Preserved priming but insensitivity to perceptual fluency on recognition judgments in Alzheimer's disease

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Previous research on Alzheimer's disease (AD) has not yielded a consensus regarding the preservation of automatic memory processes, although there is a consensus that conscious recollection processes are impaired in AD.


In the present study, we examined perceptual specificity effects (PSEs) in word recognition judgments (explicit memory task; Experiment 1) and word fragment completion (implicit memory task; Experiment 2) performed by individuals with mild AD and elderly adults without dementia (controls).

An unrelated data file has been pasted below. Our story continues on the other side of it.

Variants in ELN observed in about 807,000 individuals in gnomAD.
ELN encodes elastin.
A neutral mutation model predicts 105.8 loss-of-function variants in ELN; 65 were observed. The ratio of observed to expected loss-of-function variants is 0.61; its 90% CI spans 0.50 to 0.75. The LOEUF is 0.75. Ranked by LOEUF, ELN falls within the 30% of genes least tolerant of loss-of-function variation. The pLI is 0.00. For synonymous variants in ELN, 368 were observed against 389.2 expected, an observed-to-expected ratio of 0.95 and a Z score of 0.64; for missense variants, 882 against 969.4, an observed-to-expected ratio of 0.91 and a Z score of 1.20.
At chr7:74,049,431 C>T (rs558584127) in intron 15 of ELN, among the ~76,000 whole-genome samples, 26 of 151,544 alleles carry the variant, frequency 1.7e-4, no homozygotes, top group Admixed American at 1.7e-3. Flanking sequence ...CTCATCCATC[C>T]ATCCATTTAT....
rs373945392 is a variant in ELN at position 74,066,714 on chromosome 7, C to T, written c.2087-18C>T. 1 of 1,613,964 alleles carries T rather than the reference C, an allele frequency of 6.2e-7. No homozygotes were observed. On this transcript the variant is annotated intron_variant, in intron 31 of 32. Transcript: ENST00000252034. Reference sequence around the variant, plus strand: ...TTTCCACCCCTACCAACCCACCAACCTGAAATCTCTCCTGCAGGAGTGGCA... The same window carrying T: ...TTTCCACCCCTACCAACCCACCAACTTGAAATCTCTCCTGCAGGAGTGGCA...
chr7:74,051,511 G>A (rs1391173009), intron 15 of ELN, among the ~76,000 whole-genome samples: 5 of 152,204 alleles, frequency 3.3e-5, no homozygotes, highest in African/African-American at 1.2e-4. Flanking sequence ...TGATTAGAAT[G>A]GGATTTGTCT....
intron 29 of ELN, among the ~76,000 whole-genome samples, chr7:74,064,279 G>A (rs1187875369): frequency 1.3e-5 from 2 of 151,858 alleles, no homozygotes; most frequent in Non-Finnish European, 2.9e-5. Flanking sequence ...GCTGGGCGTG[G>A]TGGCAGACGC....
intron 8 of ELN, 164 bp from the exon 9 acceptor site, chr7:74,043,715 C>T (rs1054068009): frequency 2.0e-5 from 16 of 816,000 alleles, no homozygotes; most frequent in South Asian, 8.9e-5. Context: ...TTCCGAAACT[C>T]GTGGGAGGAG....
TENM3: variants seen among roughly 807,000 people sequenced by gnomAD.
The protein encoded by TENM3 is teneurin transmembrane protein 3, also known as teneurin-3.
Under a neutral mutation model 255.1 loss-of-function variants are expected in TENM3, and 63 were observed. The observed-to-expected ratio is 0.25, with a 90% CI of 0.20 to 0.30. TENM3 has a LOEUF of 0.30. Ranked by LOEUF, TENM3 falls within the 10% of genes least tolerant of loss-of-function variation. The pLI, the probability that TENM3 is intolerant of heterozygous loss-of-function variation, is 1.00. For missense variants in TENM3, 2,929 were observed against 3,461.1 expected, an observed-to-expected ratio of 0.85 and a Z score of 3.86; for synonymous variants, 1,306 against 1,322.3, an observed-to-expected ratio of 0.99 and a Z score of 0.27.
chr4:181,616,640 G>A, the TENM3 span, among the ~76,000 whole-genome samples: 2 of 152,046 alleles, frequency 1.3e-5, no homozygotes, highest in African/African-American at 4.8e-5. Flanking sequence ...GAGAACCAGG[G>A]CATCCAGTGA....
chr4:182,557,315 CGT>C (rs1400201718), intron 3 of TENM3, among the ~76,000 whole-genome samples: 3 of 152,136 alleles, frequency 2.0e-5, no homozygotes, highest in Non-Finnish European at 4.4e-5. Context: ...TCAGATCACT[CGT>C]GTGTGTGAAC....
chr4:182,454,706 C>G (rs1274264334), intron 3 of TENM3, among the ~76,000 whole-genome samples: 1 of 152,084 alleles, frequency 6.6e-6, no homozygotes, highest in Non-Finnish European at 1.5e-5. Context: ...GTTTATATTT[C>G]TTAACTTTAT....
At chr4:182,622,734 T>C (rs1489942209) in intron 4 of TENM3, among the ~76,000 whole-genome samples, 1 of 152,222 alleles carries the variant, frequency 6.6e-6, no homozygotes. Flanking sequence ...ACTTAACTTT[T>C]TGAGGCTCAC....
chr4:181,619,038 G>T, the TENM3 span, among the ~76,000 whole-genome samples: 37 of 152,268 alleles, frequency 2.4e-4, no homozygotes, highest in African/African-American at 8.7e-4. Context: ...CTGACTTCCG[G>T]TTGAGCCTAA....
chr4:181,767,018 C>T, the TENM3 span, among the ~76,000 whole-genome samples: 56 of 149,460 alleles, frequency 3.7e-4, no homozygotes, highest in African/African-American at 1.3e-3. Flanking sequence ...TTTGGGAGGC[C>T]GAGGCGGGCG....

In recognition judgments, control subjects, but not individuals with AD, demonstrated PSEs (Experiment 1). In contrast, neither group showed PSEs on word fragment completion and their priming magnitudes were comparable (Experiment 2).


The findings suggest that perceptually automatic processes in explicit memory judgments and implicit memory processes are different and that the former are specifically impaired in AD.

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